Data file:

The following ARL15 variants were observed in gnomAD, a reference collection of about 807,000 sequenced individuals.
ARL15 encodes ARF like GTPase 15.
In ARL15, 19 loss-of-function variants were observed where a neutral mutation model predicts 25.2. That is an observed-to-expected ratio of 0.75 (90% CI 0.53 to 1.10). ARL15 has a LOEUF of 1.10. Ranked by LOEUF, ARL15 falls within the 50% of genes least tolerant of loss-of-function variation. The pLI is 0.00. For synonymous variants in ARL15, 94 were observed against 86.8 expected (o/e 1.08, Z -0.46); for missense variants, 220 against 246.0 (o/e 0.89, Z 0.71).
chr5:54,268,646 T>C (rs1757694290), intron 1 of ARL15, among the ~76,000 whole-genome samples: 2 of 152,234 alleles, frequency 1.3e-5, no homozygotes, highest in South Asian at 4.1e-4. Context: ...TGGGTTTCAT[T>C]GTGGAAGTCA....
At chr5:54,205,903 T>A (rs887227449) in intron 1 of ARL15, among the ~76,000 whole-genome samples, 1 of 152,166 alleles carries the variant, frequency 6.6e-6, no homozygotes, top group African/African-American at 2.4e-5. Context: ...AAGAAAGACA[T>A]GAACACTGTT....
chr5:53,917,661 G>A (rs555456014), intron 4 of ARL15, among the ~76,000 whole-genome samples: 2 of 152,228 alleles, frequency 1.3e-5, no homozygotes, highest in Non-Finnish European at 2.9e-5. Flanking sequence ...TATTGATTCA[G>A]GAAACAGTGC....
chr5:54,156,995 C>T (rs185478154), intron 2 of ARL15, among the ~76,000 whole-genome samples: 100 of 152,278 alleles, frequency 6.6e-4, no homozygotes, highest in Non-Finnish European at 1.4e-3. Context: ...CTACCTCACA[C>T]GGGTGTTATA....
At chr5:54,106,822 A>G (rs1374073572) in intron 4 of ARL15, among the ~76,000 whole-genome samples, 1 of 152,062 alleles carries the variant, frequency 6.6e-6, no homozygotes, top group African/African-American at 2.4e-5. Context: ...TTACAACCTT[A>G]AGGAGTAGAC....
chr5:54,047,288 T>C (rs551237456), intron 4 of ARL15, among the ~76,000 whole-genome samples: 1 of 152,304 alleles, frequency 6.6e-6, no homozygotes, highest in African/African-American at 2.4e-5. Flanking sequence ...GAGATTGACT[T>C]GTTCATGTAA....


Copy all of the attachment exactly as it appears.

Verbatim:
The following ARL15 variants were observed in gnomAD, a reference collection of about 807,000 sequenced individuals.
ARL15 encodes ARF like GTPase 15.
In ARL15, 19 loss-of-function variants were observed where a neutral mutation model predicts 25.2. That is an observed-to-expected ratio of 0.75 (90% CI 0.53 to 1.10). ARL15 has a LOEUF of 1.10. Ranked by LOEUF, ARL15 falls within the 50% of genes least tolerant of loss-of-function variation. The pLI is 0.00. For synonymous variants in ARL15, 94 were observed against 86.8 expected (o/e 1.08, Z -0.46); for missense variants, 220 against 246.0 (o/e 0.89, Z 0.71).
chr5:54,268,646 T>C (rs1757694290), intron 1 of ARL15, among the ~76,000 whole-genome samples: 2 of 152,234 alleles, frequency 1.3e-5, no homozygotes, highest in South Asian at 4.1e-4. Context: ...TGGGTTTCAT[T>C]GTGGAAGTCA....
At chr5:54,205,903 T>A (rs887227449) in intron 1 of ARL15, among the ~76,000 whole-genome samples, 1 of 152,166 alleles carries the variant, frequency 6.6e-6, no homozygotes, top group African/African-American at 2.4e-5. Context: ...AAGAAAGACA[T>A]GAACACTGTT....
chr5:53,917,661 G>A (rs555456014), intron 4 of ARL15, among the ~76,000 whole-genome samples: 2 of 152,228 alleles, frequency 1.3e-5, no homozygotes, highest in Non-Finnish European at 2.9e-5. Flanking sequence ...TATTGATTCA[G>A]GAAACAGTGC....
chr5:54,156,995 C>T (rs185478154), intron 2 of ARL15, among the ~76,000 whole-genome samples: 100 of 152,278 alleles, frequency 6.6e-4, no homozygotes, highest in Non-Finnish European at 1.4e-3. Context: ...CTACCTCACA[C>T]GGGTGTTATA....
At chr5:54,106,822 A>G (rs1374073572) in intron 4 of ARL15, among the ~76,000 whole-genome samples, 1 of 152,062 alleles carries the variant, frequency 6.6e-6, no homozygotes, top group African/African-American at 2.4e-5. Context: ...TTACAACCTT[A>G]AGGAGTAGAC....
chr5:54,047,288 T>C (rs551237456), intron 4 of ARL15, among the ~76,000 whole-genome samples: 1 of 152,304 alleles, frequency 6.6e-6, no homozygotes, highest in African/African-American at 2.4e-5. Flanking sequence ...GAGATTGACT[T>C]GTTCATGTAA....